The soft tossing left-hander, Ted Lilly, will be the number three starter. Lilly uses a good slow curve, slider, and changeup with his 86-88 MPH fastball to get a lot of flyballs and strikeout more than 7 per 9 innings. Lilly will benefit pitching in Dodger Stadium for the entire season, and should pitch to a 3.40-3.60 ERA. Hiroki Kuroda may be one of the more underrated pitchers in the league. His xFIP (3.5&) indicates that his 3.36 ERA indicates his success in 2010. Kuroda features three plus pitches: a fastball that averages 92.5 MPH, a hard breaking slider, and good splitter. Kuroda will strike out close something close to 7 per 9 innings and pitch to a mid 3 ERA. 

The Dodgers will start the season with only four starters until a fifth will be needed later in the month. Jon Garland is on the DL with a strained oblique, but he will be one of the best fifth starters in baseball when he returns. He is a good groundball pitcher, who usually displays good command (2010 was an exception), and should pitch to a 3.90-4.10 ERA when he returns.   



RHP- Jonathan Broxton (Closer) 

LHP- Hong-Chih Kuo 

RHP- Matt Guerrier 

RHP- Kenley Jansen 

RHP- Blake Hawksworth 

RHP- Mike MacDougal 

RHP- Lance Cormier or LHP- Scott Elbert

RHP- Vincente Padilla (On DL until late April) 

Jonathan Broxton comes into the 2011 season on shaky footing after loosing the closer job late last season.Broxton’s walk rate increased to 4.04 per 9 innings, but his .366 BABIP inflated his ERA to 4.04. His xFIP indicated he should have been pitching to an ERA in the low 3.00’s, so look for Broxton to have a bounce back season. Kuo was one of the most dominant left-handed relievers in baseball last season pitching to a 1.20 ERA.Kuo’s mid 90’s fastball and good slider make him tough for both right and left-handed hitters to face. His good strikeout numbers and unbelievable home run rate should allow him to pitch at a high level again if he remains healthy.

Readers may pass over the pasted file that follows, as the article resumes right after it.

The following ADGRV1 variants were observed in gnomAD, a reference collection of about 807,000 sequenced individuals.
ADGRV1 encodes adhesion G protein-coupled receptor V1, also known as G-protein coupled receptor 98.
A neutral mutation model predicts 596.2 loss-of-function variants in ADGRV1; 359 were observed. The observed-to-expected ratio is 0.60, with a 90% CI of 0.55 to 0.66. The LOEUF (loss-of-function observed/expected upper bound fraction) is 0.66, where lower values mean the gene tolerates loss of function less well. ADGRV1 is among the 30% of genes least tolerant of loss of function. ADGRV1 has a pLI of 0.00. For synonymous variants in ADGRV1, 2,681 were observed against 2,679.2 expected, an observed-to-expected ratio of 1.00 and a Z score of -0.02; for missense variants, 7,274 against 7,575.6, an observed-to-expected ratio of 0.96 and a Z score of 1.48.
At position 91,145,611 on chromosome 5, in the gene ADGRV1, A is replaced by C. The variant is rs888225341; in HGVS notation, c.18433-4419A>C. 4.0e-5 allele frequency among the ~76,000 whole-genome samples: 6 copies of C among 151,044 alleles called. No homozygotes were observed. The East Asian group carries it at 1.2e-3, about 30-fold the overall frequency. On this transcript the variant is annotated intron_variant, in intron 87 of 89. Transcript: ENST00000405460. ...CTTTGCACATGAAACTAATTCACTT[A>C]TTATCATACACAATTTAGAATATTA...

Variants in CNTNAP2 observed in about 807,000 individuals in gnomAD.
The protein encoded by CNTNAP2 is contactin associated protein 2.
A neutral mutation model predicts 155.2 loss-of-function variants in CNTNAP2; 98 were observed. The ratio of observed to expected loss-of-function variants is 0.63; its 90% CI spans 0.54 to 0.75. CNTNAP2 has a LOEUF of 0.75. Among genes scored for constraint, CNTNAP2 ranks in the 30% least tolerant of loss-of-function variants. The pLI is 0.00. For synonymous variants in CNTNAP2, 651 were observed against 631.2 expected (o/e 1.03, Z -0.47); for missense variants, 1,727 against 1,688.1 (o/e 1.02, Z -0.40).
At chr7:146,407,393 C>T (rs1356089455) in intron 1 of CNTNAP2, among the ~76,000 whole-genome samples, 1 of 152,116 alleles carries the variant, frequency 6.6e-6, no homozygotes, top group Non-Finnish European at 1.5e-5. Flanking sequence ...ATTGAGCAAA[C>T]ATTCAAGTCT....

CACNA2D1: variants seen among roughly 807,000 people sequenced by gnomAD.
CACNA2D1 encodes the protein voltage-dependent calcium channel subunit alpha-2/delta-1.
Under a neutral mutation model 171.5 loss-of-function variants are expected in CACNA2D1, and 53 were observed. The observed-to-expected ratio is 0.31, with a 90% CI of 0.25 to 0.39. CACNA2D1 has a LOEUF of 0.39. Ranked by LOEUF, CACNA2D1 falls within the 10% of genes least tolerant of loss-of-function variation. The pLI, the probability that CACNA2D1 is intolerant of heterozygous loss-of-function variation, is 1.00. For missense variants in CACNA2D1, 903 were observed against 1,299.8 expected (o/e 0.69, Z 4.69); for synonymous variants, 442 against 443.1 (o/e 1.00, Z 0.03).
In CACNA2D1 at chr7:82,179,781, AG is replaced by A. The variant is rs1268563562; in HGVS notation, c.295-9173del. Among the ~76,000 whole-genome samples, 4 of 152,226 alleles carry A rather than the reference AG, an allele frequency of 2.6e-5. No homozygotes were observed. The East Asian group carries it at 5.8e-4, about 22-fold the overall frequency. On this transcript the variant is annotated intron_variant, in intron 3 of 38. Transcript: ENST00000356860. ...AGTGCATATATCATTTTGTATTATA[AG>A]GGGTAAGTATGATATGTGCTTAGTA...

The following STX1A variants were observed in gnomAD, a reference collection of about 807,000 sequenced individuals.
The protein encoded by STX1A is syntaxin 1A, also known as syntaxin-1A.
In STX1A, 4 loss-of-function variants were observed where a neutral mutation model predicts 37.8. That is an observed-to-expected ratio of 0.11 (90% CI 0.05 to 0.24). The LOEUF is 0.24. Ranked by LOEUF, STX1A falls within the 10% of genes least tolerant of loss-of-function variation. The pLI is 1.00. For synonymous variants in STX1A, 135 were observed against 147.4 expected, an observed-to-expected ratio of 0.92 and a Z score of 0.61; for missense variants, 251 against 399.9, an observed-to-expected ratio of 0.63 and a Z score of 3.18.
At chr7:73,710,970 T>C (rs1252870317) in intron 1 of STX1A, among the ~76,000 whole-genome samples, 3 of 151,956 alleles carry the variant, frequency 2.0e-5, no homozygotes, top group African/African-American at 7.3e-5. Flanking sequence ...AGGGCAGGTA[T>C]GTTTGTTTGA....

Matt Guerrier has become a good setup man over the last few seasons despite lacking strikeout stuff. He uses good control and a starter’s repertoire to pitch to an ERA in the 3.40-3.70 range. Kenley Jansen, the converted catcher, showed great stuff in 25 games with the Dodgers last season. Jansen’s control can be spotty, but his 94-96 MPH fastball is very heavy, and he has shown a very good slider. He has been able to strikeout more than 13 per 9 innings at every level during the last two seasons. 

Blake Hawksworth looks like he will pitch some long relief to begin the season. Mike MacDougal looks like he will make the roster as a non roster invitee. MacDougal is a groundball specialist with a heavy 94.7 MPH two-seamer and slider, but his command is all over the place. Scott Elbert and Lance Cormier are still battling it out for the last spot in the rotation, but I bet Elbert gets the last spot so Mattingly can have another left-handed pitcher at his disposal. 



RHP- Roman Colon

RHP- Lance Cormier 

RHP- Mike MacDougal 

LHP- Dana Eveland 

RHP- Tim Redding 

RHP- Oscar Villareal 

IF- Juan Castro (R)

IF- Aaron Miles (S)

OF- Gabe Kapler (R)



It is no coincidence that both the when Matt Kemp struggles the entire Dodgers team struggles. Kemp can’t hit .249 again if the Dodgers want to make a run at the NL West. In addition, Kemp had the worst UZR among any center fielder, mostly because of bad routes to the ball. Kemp seemed like he was in a daze the entire 2010 season, but he has too much talent not to rebound in 2011. Look for Kemp to hit 25-28 home runs, 25 stolen bases, and a line of .285/.340/.485. 



Dee Gordon has all the tools to be a dangerous offensive weapon in the majors. Gordon does not have much power, but he can hit line drives to all areas of the field. Many scouts project him as a dangerous .300 hitter, but his number one weapon is his speed. He stole 53 bases in AA last season. He does need to work on his defense, but getting a year at AAA will do him well. If everything goes according to plan, Dodger fans could see him in a uniform in September.  



The Dodgers should improve over a poor 2010 season, but the offensive holes at catcher and left field are too big to ignore. The team will finish in fourth place again if Matt Kemp struggles, but if the Dodgers could contend if he plays well. Overall, I think the Dodgers will be in it until September finishing above .500, but the Giants and Rockies have better overall teams.